The Kremlin said Friday that Western powers were not ready to form a coalition with Russia to fight DAESH militants in Syria, after talks between President Vladimir Putin and French leader Francois Hollande. "At the moment, unfortunately, our partners are not ready to work within the format of single coalition," Putin's spokesman Dmitry Peskov told reporters. He added however that Russia remained open to cooperation "in any format our partners would be ready for."
After militants killed 130 people in Paris this month in attacks claimed by DAESH, Hollande travelled to Moscow on Thursday, hoping to bolster global efforts to crush DAESH. Putin had urged global powers to band together in the fight against militants in September during an address to the United Nations General Assembly, just before Russia launched its own bombing campaign in Syria. Separately, a U.S.-led coalition that includes France had already been staging air strikes against DAESH targets in Syria for over a year. Putin and Hollande agreed Thursday to coordinate strikes and share intelligence in what was the most concrete sign of progress from the French leader's diplomatic marathon that has also included talks with the leaders of the United States, Germany, Britain and Italy. But the idea of a single anti-DAESH coalition involving Western powers and Russia did not get off the ground as U.S. President Barack Obama is said to have given a cool response to Hollande's proposal.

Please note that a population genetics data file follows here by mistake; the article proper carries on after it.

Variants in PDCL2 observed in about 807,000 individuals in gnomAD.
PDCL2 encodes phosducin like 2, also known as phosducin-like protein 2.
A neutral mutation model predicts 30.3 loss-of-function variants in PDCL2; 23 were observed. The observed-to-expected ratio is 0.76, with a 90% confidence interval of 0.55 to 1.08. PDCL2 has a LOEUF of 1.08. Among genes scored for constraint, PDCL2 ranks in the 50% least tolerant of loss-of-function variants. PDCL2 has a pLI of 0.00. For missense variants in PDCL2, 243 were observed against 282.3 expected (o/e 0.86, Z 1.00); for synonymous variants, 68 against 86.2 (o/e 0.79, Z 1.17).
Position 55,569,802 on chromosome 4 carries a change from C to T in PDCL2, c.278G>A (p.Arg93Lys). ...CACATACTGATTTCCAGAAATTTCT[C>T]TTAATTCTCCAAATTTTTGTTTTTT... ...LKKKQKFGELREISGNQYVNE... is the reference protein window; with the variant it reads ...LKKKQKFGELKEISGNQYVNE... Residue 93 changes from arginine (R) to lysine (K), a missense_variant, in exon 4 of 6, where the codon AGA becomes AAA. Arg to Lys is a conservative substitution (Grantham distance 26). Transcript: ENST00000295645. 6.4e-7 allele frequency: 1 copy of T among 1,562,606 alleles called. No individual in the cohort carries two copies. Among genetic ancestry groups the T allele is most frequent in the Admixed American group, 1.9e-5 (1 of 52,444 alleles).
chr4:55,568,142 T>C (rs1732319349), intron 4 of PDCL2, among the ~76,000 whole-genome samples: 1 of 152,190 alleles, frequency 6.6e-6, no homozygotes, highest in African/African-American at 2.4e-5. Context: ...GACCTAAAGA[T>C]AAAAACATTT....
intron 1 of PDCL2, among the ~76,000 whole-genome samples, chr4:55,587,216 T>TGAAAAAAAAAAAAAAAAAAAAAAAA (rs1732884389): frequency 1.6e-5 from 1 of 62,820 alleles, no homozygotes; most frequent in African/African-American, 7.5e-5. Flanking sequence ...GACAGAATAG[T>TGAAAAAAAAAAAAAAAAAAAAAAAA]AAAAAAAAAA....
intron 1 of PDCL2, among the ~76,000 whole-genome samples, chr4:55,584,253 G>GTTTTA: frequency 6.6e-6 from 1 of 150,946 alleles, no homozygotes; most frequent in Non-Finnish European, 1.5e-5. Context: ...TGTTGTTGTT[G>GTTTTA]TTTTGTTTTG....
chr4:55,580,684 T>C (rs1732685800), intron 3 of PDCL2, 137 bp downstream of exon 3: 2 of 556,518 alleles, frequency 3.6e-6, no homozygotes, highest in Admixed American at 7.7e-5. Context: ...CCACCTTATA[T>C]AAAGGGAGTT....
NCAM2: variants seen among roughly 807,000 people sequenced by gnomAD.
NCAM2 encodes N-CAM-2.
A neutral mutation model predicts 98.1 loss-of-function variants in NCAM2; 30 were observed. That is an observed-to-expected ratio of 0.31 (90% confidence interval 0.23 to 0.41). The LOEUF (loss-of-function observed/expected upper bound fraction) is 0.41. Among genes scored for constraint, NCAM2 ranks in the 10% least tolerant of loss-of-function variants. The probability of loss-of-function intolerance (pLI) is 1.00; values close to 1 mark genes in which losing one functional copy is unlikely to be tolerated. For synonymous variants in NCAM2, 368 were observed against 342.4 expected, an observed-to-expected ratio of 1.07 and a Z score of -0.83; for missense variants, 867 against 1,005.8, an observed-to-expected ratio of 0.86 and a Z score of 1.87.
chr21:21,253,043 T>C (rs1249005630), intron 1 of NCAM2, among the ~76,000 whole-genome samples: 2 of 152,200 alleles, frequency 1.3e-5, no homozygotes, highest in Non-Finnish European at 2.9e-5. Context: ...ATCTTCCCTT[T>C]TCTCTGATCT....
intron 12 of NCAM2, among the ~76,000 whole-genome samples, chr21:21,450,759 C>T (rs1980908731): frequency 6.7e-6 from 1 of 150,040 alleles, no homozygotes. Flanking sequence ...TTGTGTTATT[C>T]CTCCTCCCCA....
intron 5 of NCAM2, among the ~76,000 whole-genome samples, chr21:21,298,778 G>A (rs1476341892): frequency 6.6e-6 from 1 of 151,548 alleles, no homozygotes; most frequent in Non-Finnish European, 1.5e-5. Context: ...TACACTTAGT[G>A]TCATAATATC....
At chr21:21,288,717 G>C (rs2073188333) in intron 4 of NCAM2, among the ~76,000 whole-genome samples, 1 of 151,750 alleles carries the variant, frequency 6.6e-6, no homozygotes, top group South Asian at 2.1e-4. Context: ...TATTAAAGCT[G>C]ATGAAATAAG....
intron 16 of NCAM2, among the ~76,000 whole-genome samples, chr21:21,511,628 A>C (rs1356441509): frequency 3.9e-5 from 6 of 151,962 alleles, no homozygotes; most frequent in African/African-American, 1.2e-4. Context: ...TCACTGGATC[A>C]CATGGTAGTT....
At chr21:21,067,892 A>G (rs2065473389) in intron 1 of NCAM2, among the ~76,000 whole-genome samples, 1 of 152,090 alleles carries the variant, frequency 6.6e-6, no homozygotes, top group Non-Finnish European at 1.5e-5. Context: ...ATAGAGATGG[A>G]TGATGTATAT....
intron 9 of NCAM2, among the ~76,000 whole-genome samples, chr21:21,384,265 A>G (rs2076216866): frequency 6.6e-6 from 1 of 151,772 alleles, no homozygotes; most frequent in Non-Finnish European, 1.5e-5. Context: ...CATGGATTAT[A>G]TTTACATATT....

Despite Russia's aggressive stance against the West, France seeks to tighten its relations with Moscow. The presidents of France and Russia agreed Thursday to tighten cooperation in the fight against DAESH, although they remained at odds over their approach toward Syria's Bashar Assad.
Hollande and Putin agreed on increasing intelligence sharing, intensifying their airstrikes against DAESH in Syria and cooperating on selecting targets. "We agreed on a very important issue: To strike the terrorists only, DAESH and the militant groups only, and not to strike the forces and the groups that are fighting against the terrorists," Hollande said after the meeting. "And we are going to exchange some information about that: what can be struck, and what must not be struck." But the two countries remain at odds in their approach toward Assad, with Hollande saying the Syrian head of state "does not have his place in Syria's future," and Putin stressing that "the Syrian president's fate should be entirely in the hands of the Syrian people." Putin described Assad's army as a "natural ally" in the fight against DAESH an essential force capable of battling the extremist group on the ground.
Despite the differing approach French Foreign Minister Laurent Fabius said on Friday troops loyal to Assad could be used to fight DAESH, but only in the framework of a political transition without Assad. "Troops on the ground cannot be ours, but (there can be) Syrian soldiers from the Free Syrian Army, Sunni Arab states, and why not regime troops," Laurent Fabius told RTL radio without specifying whether he meant immediately or in the long-term. Clarifying Fabius' comments, an official in his entourage said the minister was reiterating France's long-standing position that there could be no cooperation with Syrian government forces to battle DAESH until a unity government was in place. "It could only happen in the framework of a political transition and Fabius stresses that this transition is urgent and indispensable," the official said.